Mechanisms of change in the gene expression landscape during development and cancer in Drosophila melanogaster
- Author(s): Bairzin, Joanna Carmen Downes
- Advisor(s): Hariharan, Iswar K
- et al.
How multicellular organisms establish and maintain a diversity of incredibly complex body plans is a fundamental question in development. Complex body plans require patterning of limbs, organs, and tissues along axes, such as the segmentation seen along the anteroposterior axis in insects and the vertebrate central nervous system. This diversity of forms is regulated by an intricate network of genetic interactions, and allows for a diversity of functions in the living world. To reproducibly and correctly create complex systems, the genes that control patterning, known as selector genes, must be tightly regulated so that they are only expressed in their correct locations and at the correct time. Normally these patterns of gene expression are stable and invariant. How this regulation occurs continues to be a major area of study in developmental biology.
Key genes that confer patterning were first discovered in the fruit fly Drosophila melanogaster, and the utility of these selector genes was later found to be conserved throughout metazoans. Flies remain an incredibly valuable tool to study the principles of how patterns form. In Chapter 1, I discuss some basic principles of the genetics of pattern formation by selector genes and how this is regulated at the epigenetic level, with a focus on patterning in Drosophila. I also cover how cancer coopts these processes and what the relationship between tumorous growth and developmental patterning means for the treatment of cancer. I focus on two pathways, the Hippo pathway and the Hedgehog (Hh) pathway, which have been extensively studied for their conserved roles in growth and patterning, and which are the focus of my dissertation research.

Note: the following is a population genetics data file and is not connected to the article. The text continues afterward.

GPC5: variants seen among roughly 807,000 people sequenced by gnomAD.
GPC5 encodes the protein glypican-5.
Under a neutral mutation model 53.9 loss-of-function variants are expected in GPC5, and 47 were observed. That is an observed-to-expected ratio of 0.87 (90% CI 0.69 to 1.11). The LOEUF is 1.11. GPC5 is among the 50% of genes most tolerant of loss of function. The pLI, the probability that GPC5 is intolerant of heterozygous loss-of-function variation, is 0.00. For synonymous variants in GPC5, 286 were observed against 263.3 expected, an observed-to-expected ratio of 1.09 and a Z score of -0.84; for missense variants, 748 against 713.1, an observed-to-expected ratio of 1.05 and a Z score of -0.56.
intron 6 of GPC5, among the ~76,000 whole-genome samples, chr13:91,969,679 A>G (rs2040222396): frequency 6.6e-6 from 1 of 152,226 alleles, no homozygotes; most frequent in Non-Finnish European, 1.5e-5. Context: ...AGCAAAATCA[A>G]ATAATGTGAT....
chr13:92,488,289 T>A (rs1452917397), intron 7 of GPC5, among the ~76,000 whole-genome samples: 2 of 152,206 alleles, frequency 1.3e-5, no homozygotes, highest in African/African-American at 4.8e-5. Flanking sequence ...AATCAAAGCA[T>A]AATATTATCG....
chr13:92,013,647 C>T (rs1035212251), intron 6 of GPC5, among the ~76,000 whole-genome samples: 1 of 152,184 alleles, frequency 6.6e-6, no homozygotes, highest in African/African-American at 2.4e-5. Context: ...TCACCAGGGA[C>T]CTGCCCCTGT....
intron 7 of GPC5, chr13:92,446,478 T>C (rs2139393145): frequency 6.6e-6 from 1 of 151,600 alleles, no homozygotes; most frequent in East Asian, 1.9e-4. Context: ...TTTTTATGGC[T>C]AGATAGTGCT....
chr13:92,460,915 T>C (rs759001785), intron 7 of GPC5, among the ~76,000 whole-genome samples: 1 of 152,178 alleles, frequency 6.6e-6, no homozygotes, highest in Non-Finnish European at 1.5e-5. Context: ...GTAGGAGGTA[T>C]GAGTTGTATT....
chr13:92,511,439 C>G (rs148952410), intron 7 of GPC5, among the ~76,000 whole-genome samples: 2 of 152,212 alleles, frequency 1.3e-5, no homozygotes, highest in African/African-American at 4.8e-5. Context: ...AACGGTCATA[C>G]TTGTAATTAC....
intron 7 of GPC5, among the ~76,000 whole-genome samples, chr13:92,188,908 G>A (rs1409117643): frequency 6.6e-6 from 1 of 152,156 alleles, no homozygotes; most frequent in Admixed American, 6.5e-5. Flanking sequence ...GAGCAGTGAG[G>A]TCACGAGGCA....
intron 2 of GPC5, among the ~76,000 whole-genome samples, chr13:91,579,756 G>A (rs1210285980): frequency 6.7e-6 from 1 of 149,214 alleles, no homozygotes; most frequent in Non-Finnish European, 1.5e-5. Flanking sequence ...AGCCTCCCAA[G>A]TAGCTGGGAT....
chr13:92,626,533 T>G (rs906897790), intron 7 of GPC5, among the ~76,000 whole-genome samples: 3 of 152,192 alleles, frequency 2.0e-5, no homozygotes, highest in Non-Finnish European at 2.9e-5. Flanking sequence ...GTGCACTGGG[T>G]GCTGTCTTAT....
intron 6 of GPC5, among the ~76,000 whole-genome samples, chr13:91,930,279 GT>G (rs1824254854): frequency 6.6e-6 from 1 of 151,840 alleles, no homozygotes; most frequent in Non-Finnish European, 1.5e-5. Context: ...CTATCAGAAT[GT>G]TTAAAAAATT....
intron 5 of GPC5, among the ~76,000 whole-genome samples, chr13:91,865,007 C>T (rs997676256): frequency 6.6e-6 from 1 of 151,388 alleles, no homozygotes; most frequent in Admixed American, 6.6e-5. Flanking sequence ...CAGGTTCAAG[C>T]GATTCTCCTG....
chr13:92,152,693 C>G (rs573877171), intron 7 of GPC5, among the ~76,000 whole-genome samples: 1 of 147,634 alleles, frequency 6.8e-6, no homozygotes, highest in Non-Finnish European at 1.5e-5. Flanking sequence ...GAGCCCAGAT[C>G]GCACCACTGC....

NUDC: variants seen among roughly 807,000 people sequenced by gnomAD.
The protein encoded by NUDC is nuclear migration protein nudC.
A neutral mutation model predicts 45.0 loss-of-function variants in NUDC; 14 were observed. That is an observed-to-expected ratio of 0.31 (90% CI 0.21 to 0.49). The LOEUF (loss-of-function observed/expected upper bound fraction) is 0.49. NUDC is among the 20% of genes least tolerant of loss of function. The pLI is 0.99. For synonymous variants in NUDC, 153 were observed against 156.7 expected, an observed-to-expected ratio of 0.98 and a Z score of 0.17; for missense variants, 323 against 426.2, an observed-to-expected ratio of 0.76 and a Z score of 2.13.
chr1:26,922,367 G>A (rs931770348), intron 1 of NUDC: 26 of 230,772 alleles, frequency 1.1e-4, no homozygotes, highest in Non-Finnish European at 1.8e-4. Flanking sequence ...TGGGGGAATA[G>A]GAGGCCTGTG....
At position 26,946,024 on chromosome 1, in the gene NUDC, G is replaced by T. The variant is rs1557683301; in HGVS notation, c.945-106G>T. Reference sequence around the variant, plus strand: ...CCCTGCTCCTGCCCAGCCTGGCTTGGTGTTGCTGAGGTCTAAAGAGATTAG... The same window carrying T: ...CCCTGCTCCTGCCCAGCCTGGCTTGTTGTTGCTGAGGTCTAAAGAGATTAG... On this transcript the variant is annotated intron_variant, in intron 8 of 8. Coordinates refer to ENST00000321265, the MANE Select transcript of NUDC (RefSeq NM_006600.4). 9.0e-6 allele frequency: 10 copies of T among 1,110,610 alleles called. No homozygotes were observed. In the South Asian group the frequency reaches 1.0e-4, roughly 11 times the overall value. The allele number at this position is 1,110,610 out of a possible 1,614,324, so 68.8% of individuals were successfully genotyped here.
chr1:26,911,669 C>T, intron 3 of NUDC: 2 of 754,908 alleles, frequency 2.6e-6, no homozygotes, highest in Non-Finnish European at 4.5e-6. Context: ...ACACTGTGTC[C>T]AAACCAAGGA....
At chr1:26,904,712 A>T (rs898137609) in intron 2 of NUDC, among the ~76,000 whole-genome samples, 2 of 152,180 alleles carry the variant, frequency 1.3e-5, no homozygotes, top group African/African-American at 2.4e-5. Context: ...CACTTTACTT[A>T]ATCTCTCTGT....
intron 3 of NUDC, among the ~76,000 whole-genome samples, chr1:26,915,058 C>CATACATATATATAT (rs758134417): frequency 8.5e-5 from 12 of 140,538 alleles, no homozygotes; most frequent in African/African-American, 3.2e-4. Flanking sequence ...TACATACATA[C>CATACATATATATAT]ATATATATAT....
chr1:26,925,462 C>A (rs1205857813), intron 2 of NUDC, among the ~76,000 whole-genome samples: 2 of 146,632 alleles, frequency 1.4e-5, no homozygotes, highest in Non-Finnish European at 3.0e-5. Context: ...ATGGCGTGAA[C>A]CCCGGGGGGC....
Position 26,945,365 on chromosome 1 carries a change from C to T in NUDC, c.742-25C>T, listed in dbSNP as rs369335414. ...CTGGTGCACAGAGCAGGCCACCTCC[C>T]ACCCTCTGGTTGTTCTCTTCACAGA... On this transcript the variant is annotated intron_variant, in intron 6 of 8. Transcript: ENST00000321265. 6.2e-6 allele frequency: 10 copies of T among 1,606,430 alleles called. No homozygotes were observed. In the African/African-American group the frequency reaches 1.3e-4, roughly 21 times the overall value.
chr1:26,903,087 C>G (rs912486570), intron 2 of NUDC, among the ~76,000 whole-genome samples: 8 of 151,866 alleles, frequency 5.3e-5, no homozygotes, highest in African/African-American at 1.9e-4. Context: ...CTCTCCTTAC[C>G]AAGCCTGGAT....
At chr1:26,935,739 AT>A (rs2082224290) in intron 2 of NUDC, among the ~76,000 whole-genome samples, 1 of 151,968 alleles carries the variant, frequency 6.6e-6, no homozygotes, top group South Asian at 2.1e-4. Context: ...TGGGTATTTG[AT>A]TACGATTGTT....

The Hippo pathway has been implicated as a driver of tissue growth in multiple different types of cancer. Over the last fifteen years, the core pathway as well as several targets of the Hippo pathway have been identified, but it remains unclear exactly how the pathway acts through these targets to control growth, as well as what other effects the pathway has on processes including patterning, cell-cell communication, and regulation of chromatin modification factors. Some aspects of Hippo pathway interactions with signaling pathways that control patterning have been studied, including between the Hippo pathway and Decapentaplegic (Dpp), which is the ortholog of vertebrate BMP2/4. However, interactions with other pathways aren’t fully understood. There has been some work done on the relationship between the Hippo pathway and the Hh pathway, but this mostly relates to Hh’s role upstream of the Hippo pathway and not on whether the Hippo pathway works through the Hh pathway. The Hh pathway has also been implicated in various types of cancer, but it is still not fully clear what regulates the inappropriate activation of the Hh pathway in cancer, nor what its role might be in tumor progression. My work identifies a role for Yorkie (Yki), the transcriptional co-activator of the Hippo pathway, in activating inappropriate Hh pathway signaling in tumorous tissue, which leads to downstream effects within the tumor and in surrounding cells.
Chapter 2 describes my work investigating the relationship between these two pathways and how it relates to growth and heterotypic interactions between tumor tissue and surrounding cells. I characterized the intriguing phenomenon of Yki inappropriately activating selector gene expression in tumor tissue, and found that this phenomenon relies on Yki’s activity through two targets, the microRNA bantam and the chromatin regulator taranis. I identified evidence that Yki-mediated activation of these targets leads to changes in chromatin modifiers that facilitate inappropriate patterning gene expression, and I also found evidence that inappropriate developmental signaling from Yki-expressing tumors has an effect on the growth of surrounding wild type cells. Chapter 3 discusses the significance of this work in the budding study of how tumor cells control and communicate with their environment, as well as how they cause epigenetic changes that broadly alter gene expression.
My work provides key information about how oncogenes can hijack normal developmental and genetic processes to facilitate the formation of cancer in otherwise healthy tissue. It contributes to our knowledge of how cancer cells behave, which can be used in future study on the biology of tumor tissue, as well as how to treat, categorize, and screen for it.